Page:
Dallas Buyers Club


Dallas Buyers Club (2013)


Critic Consensus: Dallas Buyers Club rests squarely on Matthew McConaughey's scrawny shoulders, and he carries the burden gracefully with what might be a career-best performance.


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Matthew McConaughey stars in DALLAS BUYERS CLUB as real-life Texas cowboy Ron Woodroof, whose free-wheeling life was overturned in 1985 when he was diagnosed as HIV-positive and given 30 days to live. These were the early days of the AIDS epidemic, and the U.S. was divided over how to combat the virus. Ron, now shunned and ostracized by many of his old friends, and bereft of government-approved effective medicines, decided to take matters in his own hands, tracking down alternative treatments from all over the world by means both legal and illegal. Bypassing the establishment, the entrepreneurial Woodroof joined forces with an unlikely band of renegades and outcasts - who he once would have shunned - and established a hugely successful "buyers' club." Their shared struggle for dignity and acceptance is a uniquely American story of the transformative power of resilience. (c) Focus Features

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Matthew McConaughey
as Ron Woodruff
Jennifer Garner
as Dr. Eve Sacks
Dallas Roberts
as David Wayne
Steve Zahn
as Tucker
Griffin Dunne
as Dr. Vass
Denis O'Hare
as Dr. Sevard
Michael O'Neill
as Richard Barkley
Donna DuPlantier
as Nurse Frazin
James DuMont
as Rayon's Father
Jane McNeill
as Francine Suskind
Don Brady
as Tucker's Father
Sean Boyd
as Border Agent
Matthew Thompson
as Effeminate Man
Rachel Wulff
as News Anchor
Neeona Neal
as Stripper
Scott Takeda
as Mr. Yamata
Joji Yoshida
as Dr. Hiroshi
Carl Palmer
as FDA Customs Agent
Craig Borten
as Quicksilver Cowboy
Arthur Smith
as Rodeo Announcer
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Critic Reviews for Dallas Buyers Club

All Critics (250) | Top Critics (51)

Like a Gary Cooper in the era of sexual crisis, McConaughey hits a very sure stride.

Feb 6, 2014 | Rating: 4/5 | Full Review…

The AIDS epidemic was not a happy-ending story. But it was certainly a test of the human spirit. Ron Woodroof passed that test.

Dec 31, 2013 | Rating: B+ | Full Review…
Detroit News
Top Critic

Just about everything is right with Dallas Buyers Club, beginning with Matthew McConaughey's literally transformative portrayal.

Nov 15, 2013 | Rating: 3.5/4 | Full Review…

A solid biopic is made transcendent by McConaughey, who shed nearly 50 pounds and deserves to gain an Oscar for his ferocious, funny performance.

Nov 14, 2013 | Rating: 3.5/4 | Full Review…
Top Critic

One of the best films of the year.

Nov 14, 2013 | Rating: 3.5/4 | Full Review…

A straight-up portrait of a man who figured out a way to cling to life longer than anyone expected and, in the process, learned to let the world in.

Nov 14, 2013 | Rating: 3/4

Audience Reviews for Dallas Buyers Club

No doubt, the acting is outstanding. McConaughey and Leto are almost frighteningly good. Unfortunately, the plot does not flow as smoothly as I hoped, the climaxes are few and there is a certain feeling of repetition. That doesn't take anything away from the importance of the story that is told here. I just hoped to be a little more engaged in and touched by the events.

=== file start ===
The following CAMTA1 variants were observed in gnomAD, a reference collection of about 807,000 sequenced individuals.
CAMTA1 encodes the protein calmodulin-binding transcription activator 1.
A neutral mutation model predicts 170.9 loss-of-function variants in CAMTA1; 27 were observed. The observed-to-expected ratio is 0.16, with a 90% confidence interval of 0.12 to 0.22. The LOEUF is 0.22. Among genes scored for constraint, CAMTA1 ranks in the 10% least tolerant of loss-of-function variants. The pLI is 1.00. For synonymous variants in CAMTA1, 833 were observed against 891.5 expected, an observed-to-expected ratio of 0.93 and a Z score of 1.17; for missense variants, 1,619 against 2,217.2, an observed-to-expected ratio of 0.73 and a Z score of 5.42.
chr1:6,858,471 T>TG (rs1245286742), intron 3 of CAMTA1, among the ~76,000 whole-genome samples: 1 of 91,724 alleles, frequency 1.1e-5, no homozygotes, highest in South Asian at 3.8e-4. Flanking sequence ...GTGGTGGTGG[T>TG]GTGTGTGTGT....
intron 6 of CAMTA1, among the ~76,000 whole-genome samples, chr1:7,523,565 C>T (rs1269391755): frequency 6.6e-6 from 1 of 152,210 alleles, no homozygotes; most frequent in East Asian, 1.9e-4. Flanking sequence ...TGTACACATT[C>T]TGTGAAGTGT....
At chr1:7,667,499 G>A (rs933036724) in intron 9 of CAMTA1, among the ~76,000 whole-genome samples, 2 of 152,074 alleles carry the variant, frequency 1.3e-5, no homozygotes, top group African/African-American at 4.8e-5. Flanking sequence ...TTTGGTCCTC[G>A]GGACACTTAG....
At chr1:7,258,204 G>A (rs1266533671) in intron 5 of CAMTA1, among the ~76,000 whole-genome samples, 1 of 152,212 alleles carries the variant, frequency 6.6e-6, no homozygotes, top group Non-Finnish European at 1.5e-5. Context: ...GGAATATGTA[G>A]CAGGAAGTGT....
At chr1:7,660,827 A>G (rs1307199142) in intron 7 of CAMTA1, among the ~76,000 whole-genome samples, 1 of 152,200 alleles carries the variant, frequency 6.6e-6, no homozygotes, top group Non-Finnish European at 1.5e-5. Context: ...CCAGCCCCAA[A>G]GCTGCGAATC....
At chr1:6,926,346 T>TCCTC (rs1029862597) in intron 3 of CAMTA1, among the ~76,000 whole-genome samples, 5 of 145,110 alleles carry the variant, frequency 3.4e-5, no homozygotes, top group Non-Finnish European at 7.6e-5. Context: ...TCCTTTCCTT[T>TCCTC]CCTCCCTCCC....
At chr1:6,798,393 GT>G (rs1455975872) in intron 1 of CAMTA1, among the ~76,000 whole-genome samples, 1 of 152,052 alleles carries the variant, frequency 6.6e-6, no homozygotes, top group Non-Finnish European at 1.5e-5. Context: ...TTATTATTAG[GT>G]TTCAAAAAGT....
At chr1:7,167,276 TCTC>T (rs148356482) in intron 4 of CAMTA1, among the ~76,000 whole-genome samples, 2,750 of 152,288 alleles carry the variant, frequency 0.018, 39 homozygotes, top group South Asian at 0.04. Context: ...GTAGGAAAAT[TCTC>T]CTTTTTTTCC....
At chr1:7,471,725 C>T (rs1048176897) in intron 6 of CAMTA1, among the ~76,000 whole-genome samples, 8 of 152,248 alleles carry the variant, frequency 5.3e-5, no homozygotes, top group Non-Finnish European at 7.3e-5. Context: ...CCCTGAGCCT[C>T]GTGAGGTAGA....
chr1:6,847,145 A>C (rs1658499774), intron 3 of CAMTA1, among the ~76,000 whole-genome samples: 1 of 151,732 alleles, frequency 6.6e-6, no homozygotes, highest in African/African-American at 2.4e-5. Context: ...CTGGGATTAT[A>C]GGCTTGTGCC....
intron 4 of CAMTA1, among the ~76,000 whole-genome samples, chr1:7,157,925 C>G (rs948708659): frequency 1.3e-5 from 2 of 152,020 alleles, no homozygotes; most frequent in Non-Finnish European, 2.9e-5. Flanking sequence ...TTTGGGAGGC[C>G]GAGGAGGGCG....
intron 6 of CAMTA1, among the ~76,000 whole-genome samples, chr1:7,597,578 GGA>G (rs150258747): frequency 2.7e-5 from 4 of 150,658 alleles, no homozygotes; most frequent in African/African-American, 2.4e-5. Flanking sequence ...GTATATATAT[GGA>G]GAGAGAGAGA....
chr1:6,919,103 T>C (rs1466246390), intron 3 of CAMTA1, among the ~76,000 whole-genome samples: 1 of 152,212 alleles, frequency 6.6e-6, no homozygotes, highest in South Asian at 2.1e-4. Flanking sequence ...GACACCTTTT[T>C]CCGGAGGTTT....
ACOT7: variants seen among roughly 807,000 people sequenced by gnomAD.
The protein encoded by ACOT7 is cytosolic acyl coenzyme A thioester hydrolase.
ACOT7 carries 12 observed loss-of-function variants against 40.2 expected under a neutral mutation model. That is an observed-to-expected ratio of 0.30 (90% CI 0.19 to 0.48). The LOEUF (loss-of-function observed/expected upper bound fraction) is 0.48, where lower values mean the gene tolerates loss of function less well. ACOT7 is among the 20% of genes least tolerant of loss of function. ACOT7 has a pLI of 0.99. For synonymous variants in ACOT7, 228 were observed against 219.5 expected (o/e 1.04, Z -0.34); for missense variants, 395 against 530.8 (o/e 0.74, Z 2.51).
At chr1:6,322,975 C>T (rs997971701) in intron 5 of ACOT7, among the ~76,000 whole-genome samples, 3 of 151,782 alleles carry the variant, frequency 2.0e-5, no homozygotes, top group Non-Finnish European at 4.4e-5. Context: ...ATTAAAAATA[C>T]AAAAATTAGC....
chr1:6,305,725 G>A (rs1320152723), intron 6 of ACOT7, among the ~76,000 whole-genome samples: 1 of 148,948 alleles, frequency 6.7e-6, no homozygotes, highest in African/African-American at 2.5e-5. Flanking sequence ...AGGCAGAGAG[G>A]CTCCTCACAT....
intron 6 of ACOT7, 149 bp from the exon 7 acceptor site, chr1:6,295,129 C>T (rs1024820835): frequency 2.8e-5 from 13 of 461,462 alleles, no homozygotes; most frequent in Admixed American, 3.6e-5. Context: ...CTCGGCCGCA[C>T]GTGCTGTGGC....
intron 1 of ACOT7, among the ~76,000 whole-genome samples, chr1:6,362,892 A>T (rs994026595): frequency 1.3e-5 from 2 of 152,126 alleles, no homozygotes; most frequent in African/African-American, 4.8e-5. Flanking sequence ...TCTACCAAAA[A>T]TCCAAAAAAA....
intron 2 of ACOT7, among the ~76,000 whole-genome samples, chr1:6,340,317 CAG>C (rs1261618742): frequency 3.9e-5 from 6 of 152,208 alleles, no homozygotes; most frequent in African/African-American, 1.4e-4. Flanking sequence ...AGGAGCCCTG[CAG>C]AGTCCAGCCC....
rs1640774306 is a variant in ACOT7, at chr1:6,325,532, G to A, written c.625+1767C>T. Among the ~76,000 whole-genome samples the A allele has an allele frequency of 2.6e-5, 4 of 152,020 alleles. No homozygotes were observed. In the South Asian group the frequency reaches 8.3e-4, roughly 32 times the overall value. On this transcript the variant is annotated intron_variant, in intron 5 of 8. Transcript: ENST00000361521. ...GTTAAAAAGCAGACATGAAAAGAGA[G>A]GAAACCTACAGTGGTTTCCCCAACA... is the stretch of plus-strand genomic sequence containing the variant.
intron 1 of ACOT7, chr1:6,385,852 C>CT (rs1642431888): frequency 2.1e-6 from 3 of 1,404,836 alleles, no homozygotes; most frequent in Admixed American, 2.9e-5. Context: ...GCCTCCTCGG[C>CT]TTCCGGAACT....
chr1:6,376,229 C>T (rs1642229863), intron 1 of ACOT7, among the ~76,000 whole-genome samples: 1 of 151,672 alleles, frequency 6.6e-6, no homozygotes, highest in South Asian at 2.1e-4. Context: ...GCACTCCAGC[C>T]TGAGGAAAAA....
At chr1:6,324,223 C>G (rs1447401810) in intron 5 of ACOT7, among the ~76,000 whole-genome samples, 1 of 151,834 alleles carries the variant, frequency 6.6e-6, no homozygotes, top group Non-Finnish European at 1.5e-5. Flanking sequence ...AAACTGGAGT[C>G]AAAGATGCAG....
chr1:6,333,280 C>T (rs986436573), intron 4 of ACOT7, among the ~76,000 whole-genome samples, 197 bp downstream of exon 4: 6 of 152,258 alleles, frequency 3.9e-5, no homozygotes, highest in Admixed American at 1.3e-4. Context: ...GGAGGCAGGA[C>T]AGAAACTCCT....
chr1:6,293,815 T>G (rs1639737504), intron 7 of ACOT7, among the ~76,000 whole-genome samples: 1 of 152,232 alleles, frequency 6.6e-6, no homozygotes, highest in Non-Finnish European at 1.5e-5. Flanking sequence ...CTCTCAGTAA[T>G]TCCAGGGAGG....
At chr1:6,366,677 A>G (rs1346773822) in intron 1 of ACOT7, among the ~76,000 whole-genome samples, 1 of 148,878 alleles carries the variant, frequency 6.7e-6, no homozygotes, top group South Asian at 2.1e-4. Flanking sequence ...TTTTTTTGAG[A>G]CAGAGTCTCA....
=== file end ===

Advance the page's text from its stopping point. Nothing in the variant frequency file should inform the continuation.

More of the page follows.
Jens S.
Jens S.

Super Reviewer


McConaughey delivers another fantastic performance in a career already full of them, shining as a despicable man who slowly turns into a caring, likable person. It is just a pity that this poignant story becomes a bit repetitive in a third act that could have done with some polishing.

Carlos Magalhães
Carlos Magalhães

Super Reviewer


"Dallas Buyers Club" presents some fundamental questions concerning the purpose of law and the practice of medicine, though it paints with the limited colors offered by our libertarian protagonist. You wouldn't know it from the movie, but the FDA worked compassionately with the HIV community in the first decade, bending the rules by allowing buyers clubs to exist and giving otherwise terminally ill people a chance to fight nearly however they wanted (there were no government raids that the movie depicts) while the health industry worked to figure out a treatment with proper science. The movie also doesn't reveal that the Dallas club was considered too experimental by some of the other eight clubs; any whiff from around the world of a chemical with a possible positive effect and it would be made accessible by Ron Woodroof, who offered 130 different drugs unapproved by the FDA. Sadly, the film places ill motivations on behalf of the government and healthcare community in regards to the lack of treatment options. But rather than malice, we were dealing with ignorance. This was a brand new disease with about a 100% death rate, and both the FDA and doctors were rushing to treat the infected with any potential treatments they responsibly could. The problem for all involved boils down to a lack of data and the wide variations of analysis of what little data there was.

Matthew Slaven
Matthew Slaven

Super Reviewer


Once it gets going, it's really great. Matthew McConaughey makes a transformation that rivals the levels of Christian Bale, and Jared Leto steals it when he shows up. Check it out before the Oscars!

Flutie Archibald
Flutie Archibald

Super Reviewer

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